After the Park Board of Trustees stopped allowing private companies to operate under its federal beach-cleaning permit, some West End residents are worried a heavy seaweed season could leave their beaches inundated.
Last summer, the park board decided to stop allowing firms to operate under its U.S. Army Corps of Engineers permit after cleaning methods sparked ire between a company and an island environmental group.
Now, West End residents want the park board to step in.
“Beaches need to be cleaned on the West End,” said Bob Dolgin, president of the Sandhill Shores Property Owners Association.
The property owners want the park board to clean the beaches, when necessary, and would be happy to pay for those services, Dolgin said.
State law requires the park board to remove litter and debris, but doesn’t mandate the removal of sargassum, a type of seaweed, because it has ecological benefits, park board Executive Director Kelly de Schaun said.
The corps permit allows the park board to operate heavy equipment to clean the beaches. Heavy equipment is required to remove large amounts of sargassum.
Because some beach land is privately owned, some residents were concerned about using public resources on private land, de Schaun said.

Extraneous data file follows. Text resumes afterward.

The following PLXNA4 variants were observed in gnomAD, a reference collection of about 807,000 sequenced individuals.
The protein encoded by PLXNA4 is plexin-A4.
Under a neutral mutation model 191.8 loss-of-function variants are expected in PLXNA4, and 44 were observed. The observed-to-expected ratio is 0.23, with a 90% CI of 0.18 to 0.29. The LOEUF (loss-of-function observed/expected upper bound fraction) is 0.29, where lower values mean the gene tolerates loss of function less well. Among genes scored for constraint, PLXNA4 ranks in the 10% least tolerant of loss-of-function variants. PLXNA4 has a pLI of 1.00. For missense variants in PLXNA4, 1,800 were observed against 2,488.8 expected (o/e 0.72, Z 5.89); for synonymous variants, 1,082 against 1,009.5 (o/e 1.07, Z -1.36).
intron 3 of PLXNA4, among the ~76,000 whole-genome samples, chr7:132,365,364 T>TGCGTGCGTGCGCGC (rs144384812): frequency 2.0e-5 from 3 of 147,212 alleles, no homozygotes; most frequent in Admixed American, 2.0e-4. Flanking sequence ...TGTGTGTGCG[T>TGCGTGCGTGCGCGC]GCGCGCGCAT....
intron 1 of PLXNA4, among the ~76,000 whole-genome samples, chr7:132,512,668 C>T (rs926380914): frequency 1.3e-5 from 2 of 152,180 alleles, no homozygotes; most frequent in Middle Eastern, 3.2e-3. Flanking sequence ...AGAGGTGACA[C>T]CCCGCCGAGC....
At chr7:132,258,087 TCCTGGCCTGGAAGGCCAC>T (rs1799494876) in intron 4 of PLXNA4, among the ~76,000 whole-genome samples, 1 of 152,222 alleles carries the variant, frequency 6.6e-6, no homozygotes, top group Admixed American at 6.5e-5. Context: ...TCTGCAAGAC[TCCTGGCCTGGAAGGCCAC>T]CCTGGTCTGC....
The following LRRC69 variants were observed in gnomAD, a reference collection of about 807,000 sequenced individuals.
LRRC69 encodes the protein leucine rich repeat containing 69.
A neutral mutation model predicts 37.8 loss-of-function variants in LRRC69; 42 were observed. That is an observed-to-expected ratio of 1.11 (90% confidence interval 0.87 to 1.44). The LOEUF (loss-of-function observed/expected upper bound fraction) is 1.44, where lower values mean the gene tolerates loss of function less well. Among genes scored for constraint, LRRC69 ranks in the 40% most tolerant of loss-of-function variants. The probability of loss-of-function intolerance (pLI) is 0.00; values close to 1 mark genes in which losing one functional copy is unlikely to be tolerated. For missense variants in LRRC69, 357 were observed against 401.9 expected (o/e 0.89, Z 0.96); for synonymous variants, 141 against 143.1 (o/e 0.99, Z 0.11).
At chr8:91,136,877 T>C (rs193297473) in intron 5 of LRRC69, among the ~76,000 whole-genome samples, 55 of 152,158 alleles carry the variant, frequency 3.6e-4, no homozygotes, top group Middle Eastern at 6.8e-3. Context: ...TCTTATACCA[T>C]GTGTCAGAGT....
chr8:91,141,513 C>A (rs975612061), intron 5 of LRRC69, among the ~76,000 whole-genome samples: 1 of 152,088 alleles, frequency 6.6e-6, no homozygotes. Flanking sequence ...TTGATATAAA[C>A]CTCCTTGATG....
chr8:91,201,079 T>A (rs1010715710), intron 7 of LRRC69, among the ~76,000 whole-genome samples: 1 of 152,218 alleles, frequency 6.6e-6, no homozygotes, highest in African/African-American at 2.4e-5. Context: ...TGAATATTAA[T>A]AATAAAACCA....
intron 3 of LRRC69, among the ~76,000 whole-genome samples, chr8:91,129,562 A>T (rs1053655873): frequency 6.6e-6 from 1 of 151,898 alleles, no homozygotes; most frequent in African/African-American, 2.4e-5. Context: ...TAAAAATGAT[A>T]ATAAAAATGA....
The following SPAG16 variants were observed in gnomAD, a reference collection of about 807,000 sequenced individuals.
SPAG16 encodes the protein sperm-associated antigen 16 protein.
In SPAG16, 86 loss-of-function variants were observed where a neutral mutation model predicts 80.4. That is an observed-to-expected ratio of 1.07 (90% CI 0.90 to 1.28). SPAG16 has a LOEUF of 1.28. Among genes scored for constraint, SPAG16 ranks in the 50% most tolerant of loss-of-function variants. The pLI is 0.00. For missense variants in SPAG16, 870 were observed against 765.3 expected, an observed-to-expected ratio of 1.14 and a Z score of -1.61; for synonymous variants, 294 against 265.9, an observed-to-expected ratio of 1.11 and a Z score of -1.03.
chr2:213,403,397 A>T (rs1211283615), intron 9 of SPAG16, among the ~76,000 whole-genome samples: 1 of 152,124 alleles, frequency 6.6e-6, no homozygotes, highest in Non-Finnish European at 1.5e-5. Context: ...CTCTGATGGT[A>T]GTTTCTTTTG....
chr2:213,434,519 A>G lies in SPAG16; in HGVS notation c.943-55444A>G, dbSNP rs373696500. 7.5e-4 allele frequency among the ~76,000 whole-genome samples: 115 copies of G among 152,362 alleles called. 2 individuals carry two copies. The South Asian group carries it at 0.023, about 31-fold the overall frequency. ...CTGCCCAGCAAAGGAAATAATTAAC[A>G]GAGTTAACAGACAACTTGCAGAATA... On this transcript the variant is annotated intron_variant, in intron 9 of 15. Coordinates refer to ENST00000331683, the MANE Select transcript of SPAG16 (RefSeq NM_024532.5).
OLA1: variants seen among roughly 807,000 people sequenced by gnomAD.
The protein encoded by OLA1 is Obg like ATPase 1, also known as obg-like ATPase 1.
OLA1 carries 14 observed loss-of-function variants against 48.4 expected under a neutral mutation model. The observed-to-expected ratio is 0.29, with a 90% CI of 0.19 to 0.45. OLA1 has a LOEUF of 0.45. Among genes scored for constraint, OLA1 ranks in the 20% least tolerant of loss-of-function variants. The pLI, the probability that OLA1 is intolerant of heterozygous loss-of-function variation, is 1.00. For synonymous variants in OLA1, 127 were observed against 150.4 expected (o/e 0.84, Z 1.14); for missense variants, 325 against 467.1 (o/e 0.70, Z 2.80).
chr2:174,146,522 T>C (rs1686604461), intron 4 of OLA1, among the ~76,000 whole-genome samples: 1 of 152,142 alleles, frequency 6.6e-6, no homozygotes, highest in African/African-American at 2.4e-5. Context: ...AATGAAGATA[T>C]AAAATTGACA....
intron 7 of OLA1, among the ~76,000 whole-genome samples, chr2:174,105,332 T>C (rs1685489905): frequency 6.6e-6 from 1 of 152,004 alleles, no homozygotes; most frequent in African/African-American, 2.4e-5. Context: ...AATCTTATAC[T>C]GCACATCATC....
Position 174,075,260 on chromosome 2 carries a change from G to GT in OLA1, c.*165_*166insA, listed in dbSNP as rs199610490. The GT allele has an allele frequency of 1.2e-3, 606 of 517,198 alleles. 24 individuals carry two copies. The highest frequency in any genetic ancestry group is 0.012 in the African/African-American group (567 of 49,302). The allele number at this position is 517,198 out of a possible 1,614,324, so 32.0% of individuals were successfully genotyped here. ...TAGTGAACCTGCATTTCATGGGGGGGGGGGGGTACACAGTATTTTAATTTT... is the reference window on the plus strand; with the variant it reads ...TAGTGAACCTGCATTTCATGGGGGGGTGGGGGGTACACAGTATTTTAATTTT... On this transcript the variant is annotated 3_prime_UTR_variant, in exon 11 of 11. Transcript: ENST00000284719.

“For this reason, the park board passed a policy in 2012 that it would remove seaweed only from those properties that are managed by the park board and are squarely in the public domain,” de Schaun said.
Only one company, Beachside Environmental LLC, previously operated under the park board’s corps permit.
The decision to not allow the company to use the park board’s permit has hurt business, owner Hernan Botero said.
“Now they have no one to clean the beaches and it’s going to be devastating for the economy of the island and for the property values,” Botero said.
The company last year received pushback from environmental group Turtle Island Restoration Network, which promotes turtle populations and beach health.
“Sargassum is beneficial to the beaches,” regional Program Director Joanie Steinhaus said. “We’re a barrier island. It helps to hold sand in place. It’s a source of nutrients for our birds.”
Cleaning excessive seaweed can be done, but it needs to be handled with care, Steinhaus said.
In July, Beachside Environmental LLC sued the restoration network and Steinhaus, claiming she defamed the company with false statements.
Beaches need to be handled with care, but cleaning up seaweed would help the park board’s tourism efforts, said Jerry Mohn, president of the West Galveston Island Property Owner’s Association.
“We hope we can prevail upon the park board to do the chore for some of these neighborhood associations,” Mohn said.
Mohn doesn’t think it makes sense for a company to try cleaning the beach, he said. Because the corps’ permit only allows seaweed clean-up in certain conditions, it’s an unreliable business model, he said.
The park board will discuss options Tuesday to prepare for the possibility of a heavy seaweed season.
It took the park board about two years and cost $100,000 to get its permit, which it obtained in 2017.